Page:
A long-time taxation standard has allowed those paying alimony to deduct the expenditure from their total taxable incomes. Meanwhile, the recipients of alimony were the ones who needed to make the tax payments on that money.
Now, as of 2019, the situation will be reversed. Those paying the alimony will need to pay the income tax, and those receiving the alimony will not.
However, if your divorce finalizes before 2019, or if it is already finalized, the current taxation rules will continue to apply to you. Those already paying alimony can continue to deduct the expense from their taxes.
Because this change will impact the way certain ex-spouses are taxed, some spouses are trying to get their divorces pinned down before the new year. Meanwhile, other spouses are trying to delay the settling of their cases — particularly the ones who stand to receive alimony. By settling in 2019, the recipient spouse will not need to pay taxes on his or her alimony income.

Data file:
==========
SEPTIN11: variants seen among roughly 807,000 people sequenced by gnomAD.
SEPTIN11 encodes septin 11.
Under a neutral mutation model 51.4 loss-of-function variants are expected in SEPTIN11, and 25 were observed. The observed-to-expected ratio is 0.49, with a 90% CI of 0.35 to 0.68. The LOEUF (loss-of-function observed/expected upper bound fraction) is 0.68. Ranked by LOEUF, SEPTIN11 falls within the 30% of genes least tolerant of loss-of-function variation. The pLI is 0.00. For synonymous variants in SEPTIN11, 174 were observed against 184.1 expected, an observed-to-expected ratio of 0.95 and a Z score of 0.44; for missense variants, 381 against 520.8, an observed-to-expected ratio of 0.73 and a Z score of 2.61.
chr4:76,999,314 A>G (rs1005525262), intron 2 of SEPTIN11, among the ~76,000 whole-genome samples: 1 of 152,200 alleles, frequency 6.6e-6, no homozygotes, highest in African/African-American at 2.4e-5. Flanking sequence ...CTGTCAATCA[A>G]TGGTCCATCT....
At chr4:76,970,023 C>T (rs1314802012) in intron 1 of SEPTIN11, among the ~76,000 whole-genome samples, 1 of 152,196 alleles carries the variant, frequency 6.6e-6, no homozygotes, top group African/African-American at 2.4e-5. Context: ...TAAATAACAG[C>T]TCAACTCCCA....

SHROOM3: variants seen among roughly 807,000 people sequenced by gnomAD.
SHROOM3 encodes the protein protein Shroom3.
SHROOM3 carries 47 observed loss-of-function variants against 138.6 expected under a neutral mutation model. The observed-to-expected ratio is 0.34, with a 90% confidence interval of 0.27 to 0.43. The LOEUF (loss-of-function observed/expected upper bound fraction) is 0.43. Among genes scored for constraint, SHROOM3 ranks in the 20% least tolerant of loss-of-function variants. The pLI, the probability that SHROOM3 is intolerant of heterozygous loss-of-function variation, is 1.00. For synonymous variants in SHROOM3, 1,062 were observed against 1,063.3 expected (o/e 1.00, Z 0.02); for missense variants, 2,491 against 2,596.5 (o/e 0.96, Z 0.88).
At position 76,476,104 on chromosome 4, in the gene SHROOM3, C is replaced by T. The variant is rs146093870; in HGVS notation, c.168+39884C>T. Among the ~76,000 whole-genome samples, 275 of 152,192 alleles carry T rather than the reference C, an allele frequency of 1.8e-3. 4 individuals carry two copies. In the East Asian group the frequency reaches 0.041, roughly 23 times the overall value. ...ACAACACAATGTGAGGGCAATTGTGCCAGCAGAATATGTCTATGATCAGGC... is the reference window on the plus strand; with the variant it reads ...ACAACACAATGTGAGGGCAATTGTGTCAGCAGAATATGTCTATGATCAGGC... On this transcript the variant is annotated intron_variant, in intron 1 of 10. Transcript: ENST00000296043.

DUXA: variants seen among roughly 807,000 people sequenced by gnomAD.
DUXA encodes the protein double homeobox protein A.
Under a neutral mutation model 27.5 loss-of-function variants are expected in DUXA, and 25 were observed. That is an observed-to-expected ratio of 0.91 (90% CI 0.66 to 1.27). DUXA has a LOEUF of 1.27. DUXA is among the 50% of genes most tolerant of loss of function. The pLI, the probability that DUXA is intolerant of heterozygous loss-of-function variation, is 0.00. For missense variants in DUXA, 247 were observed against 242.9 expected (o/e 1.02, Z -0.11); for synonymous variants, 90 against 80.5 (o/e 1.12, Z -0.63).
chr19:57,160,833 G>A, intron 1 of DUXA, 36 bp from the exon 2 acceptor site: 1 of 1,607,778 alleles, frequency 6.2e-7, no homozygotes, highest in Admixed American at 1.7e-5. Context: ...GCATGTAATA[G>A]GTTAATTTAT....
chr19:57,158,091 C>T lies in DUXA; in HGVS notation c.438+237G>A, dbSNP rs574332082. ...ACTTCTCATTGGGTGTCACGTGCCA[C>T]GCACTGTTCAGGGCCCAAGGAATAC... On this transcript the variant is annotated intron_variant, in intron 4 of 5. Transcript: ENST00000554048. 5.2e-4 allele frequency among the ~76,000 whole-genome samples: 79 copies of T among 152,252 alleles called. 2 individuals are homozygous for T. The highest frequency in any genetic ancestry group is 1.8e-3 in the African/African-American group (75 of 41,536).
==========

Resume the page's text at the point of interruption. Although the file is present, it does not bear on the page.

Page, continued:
Ultimately, divorcing spouses should not worry too much about the new rules, as they will be able to organize their divorce and alimony settlements in such a way that accounts for the taxes that need to be paid. It could be that alimony settlements will be less in value in the future to account for the fact that the receiving spouse no longer needs to count the payments as income.
If you have questions about your alimony case and how the new tax laws in 2019 could affect your situation, our law office is available to fill you in on the details of the law as they apply to your divorce and help you understand your choices.